The employer and executive agree that personal life insurance protection or an annuity should be added to the executive’s compensation package. Legal counsel modifies the current employment contract (or a new contract is drafted) where the employer agrees to pay premiums in exchange for the executive’s unsecured promise to continue to make his or her services available to the employer. Should the executive terminate employment, the contract generally provides that the employer recovers all or part of the company’s contributions. The employer’s right to recover any contributions is grounded solely in the employment contract.

Step Two–The Bonus.

Payment of the annual premium is considered an I.R.C. ?162 bonus and it is generally deductible as a regular and necessary business expense by the employer (subject to reasonable compensation rules).

A single or a double bonus plan may be used.

Single Bonus. The premium paid on the policy is treated as a bonus to the executive and is included in his or her taxable income.

Double Bonus. This approach is used when an employer chooses to bonus additional money to the executive to cover the income and payroll taxes resulting from the payment of the insurance premiums. This results in zero tax cost to the executive.

Step Three–The Restrictive Endorsement.

In conjunction with the purchase of the policy, a restrictive endorsement is placed on the contract. This endorsement states that the executive cannot exercise any ownership rights in the policy other than naming or changing the beneficiary without the consent of the employer.

If the executive remains with the employer until the employment contract is fulfilled, the restrictive endorsement is released and the executive has unrestricted ownership of the policy. The value in the policy is now available for personal or family needs.

With the complexity caused by the most recent legislation to split dollar arrangements and nonqualified deferral plans your client may be interested in an alternative benefit arrangement for their key executives. A Restricted Executive Bonus Arrangement can be a simple and straight forward alternative for employers who are looking to reward and retain key executives while providing a tax-deductible contribution.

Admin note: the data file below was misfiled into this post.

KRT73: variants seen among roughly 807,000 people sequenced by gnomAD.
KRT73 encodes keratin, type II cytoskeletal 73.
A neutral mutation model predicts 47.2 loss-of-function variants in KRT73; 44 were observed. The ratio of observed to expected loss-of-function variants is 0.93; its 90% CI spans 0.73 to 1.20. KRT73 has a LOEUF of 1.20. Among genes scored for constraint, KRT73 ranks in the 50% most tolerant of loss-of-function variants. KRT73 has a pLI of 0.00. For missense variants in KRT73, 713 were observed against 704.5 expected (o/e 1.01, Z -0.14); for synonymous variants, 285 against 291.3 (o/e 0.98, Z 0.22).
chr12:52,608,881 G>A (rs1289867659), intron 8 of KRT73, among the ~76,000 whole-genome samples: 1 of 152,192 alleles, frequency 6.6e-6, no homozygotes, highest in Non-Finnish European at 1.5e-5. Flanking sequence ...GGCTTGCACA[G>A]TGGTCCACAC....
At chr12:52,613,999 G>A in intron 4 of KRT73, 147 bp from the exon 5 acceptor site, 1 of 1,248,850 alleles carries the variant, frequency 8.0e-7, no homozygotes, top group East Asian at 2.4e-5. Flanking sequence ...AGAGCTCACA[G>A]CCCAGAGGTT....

1 Life insurance policy cash values are accessed through withdrawals and loans. Loans are at interest. Unpaid loans and withdrawals cause a reduction in cash values and death benefits. In general, loans are not taxable, but withdrawals are taxable to the extent they exceed basis in the contract. Loans outstanding at policy lapse or surrender prior to the death of the insured will cause immediate taxation to the extent of gain in the contract. For polices which are Modified Endowment Contracts, distributions (including loans) are taxable to the extent of income in the contract, and an additional 10% federal income tax penalty may apply.

Insurance is issued by The Prudential Insurance Company of America, Newark, NJ, and its affiliates. [For Florida add: Life insurance policies contain exclusions, limitations, reductions of benefits and terms for keeping them in force. For complete details, see your licensed sales professional.]

Prudential, its affiliates and representatives do not render tax or legal advice. Please consult with your legal and tax advisors regarding your personal circumstances.

IFS-A0104706, Ed. 5/2005